The veterans now join the Jewish community, an 8-year-old boy, and at least two of his Congressional colleagues as those who have had run-ins with Moran during his tenure in Congress. Moran has also been criticized for borrowing $25,000 from a lobbyist and then backing legislation benefiting that lobbyist’s client, as well as taking a $447,000 loan from a credit firm just days before agreeing to co-sponsor a bill supported by the company.

In an April 12 letter to Edwin Dentz, chairman of the National Legislative Council of the American Legion, Moran said he wanted “to apologize for my tone which your colleagues found objectionable during a recent visit to my office.” Moran added: “Again, rudeness is inexcusable and I also understand that it is more appropriate to act gently and solicitously toward everyone.”

The Virginia Democrat was responding to an earlier letter from Dentz in which he complained about Moran’s treatment of four of his colleagues. “In the more than 20 years I have been involved in legislative matters with the American Legion, I do not recall any of us being treated rudely by a Member of Congress,” Dentz wrote. “The gentlemen advised me that they had been unceremoniously ushered out of your outer office and into the hall by you with your upraised voice still disparaging what some of them had traveled many miles to do as volunteers.”

In an interview this week, Dentz said he was not satisfied with Moran’s “purported apology.”

“Jim apparently came barreling out of his office and he said, ‘It’s that damn flag amendment again,’ and he went into a tirade,” Dentz said. “I don’t know exactly what he did physically; he didn’t manhandle anybody. But he ushered them out of the office and into the hall, and he was still raising his voice in the hall when one of his aides came out and quieted him down. … They were quite shaken by the experience.”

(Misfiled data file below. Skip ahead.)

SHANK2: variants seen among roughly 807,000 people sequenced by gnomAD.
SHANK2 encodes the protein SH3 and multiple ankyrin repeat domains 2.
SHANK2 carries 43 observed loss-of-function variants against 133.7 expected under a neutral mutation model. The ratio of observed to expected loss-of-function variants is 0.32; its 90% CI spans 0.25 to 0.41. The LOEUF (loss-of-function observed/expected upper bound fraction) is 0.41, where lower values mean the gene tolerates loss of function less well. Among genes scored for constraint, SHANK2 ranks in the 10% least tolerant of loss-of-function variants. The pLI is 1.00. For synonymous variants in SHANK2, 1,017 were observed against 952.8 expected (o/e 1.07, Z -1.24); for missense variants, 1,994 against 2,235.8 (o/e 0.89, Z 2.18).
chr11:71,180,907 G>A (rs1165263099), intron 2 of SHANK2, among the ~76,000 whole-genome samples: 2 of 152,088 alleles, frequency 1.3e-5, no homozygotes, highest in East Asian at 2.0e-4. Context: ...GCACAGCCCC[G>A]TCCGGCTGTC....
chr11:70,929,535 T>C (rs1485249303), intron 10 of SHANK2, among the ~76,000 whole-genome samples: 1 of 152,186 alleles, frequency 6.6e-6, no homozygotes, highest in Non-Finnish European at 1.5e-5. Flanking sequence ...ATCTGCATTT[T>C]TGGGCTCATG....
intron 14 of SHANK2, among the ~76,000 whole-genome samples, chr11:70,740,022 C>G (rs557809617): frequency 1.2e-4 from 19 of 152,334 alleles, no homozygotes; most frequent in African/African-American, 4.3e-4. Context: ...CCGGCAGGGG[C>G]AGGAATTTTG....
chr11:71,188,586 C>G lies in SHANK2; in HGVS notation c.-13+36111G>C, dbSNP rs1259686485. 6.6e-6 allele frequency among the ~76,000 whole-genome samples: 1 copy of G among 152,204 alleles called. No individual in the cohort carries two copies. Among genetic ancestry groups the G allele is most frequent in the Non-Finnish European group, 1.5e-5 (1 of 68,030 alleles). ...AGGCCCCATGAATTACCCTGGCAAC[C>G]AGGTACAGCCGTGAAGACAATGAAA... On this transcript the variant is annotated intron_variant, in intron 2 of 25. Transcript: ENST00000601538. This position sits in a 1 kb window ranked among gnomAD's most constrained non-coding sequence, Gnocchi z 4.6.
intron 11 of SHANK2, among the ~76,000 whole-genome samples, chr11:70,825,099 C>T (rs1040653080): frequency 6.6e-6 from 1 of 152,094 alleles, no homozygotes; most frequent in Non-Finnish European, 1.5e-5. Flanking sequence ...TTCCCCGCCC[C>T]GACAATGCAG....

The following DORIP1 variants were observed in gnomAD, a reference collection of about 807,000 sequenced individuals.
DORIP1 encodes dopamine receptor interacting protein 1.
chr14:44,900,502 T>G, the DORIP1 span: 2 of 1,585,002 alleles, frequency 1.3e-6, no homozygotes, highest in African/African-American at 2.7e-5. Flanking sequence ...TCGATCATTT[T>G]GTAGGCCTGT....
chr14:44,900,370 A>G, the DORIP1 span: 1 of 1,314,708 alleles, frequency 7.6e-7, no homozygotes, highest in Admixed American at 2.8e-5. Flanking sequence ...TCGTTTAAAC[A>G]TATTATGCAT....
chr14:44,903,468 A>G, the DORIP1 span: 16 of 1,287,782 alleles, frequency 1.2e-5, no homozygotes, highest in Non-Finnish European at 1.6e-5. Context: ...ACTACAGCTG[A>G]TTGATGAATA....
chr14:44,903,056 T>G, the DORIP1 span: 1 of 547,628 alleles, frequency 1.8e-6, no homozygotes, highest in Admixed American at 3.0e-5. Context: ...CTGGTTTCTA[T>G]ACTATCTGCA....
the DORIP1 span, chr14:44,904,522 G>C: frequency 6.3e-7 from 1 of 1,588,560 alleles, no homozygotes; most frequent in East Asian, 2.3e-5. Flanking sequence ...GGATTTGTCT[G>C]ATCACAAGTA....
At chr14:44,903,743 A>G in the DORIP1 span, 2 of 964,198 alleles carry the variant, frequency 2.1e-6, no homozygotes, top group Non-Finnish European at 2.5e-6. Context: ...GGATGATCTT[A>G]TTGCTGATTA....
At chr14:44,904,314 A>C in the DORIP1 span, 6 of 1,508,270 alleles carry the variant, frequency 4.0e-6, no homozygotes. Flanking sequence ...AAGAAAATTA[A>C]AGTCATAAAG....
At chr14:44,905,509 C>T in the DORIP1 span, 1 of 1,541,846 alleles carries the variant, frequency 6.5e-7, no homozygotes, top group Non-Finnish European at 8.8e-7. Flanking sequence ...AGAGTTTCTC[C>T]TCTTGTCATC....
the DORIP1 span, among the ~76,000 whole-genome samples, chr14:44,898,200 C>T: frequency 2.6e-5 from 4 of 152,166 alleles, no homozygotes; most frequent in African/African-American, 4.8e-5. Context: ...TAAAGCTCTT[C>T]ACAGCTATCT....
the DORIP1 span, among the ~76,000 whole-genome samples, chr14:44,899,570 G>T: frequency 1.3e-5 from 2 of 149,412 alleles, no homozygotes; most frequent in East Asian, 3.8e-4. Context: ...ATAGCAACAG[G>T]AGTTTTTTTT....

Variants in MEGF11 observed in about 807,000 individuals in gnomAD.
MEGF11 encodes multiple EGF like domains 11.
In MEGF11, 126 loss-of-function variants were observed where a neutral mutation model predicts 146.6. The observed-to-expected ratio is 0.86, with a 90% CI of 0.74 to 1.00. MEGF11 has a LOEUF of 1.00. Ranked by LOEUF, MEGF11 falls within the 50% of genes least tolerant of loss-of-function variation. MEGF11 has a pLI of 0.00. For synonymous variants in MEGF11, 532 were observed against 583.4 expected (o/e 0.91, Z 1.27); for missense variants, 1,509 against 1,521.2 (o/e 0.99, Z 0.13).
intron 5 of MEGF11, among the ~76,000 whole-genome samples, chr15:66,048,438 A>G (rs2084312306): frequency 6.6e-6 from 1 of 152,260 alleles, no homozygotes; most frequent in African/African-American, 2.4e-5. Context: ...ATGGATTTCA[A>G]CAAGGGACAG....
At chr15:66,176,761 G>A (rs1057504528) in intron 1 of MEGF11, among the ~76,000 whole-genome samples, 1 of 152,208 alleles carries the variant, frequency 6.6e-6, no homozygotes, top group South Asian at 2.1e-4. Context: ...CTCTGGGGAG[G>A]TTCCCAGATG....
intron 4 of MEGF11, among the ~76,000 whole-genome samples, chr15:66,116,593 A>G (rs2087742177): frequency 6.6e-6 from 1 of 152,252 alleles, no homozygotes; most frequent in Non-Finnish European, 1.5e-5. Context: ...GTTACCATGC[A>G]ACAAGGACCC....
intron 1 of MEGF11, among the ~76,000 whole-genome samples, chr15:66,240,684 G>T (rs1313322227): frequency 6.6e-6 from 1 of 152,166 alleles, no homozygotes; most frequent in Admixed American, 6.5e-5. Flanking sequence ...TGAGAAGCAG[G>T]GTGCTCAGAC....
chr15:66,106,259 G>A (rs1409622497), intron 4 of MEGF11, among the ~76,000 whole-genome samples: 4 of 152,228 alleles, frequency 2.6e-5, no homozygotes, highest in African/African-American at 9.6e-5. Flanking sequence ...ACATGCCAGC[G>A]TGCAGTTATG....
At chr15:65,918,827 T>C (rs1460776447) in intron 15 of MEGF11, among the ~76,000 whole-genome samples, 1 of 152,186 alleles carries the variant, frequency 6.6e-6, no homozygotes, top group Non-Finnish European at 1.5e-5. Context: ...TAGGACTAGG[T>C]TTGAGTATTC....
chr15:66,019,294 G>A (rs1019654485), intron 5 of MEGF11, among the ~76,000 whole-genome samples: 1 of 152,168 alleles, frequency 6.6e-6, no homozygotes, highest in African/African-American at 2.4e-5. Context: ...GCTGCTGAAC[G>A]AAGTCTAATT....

Melissa Koloszar, Moran’s chief of staff, disputed part of Dentz’s version of the latest Moran flare-up.

“It wasn’t really quite like that,” Koloszar said. “They came into the office. It wasn’t a planning meeting or anything. … The topic Jim sensed they were coming in on was the flag-burning amendment, the constitutional amendment, which he feels has been made a higher priority than many of the other veterans’ issues that he thinks are more important.”

Koloszar added: “The Congressman had to run out to vote or go to another event, so he walked out with them. He wasn’t kicking them out. They were going out anyway.”

Koloszar also acknowledged that Moran “raised his voice. He wasn’t yelling at them — he was taking issue with the topic they came in on. I think there was a total misunderstanding. … I don’t think the Congressman thought he was that vigorous in his language to them.”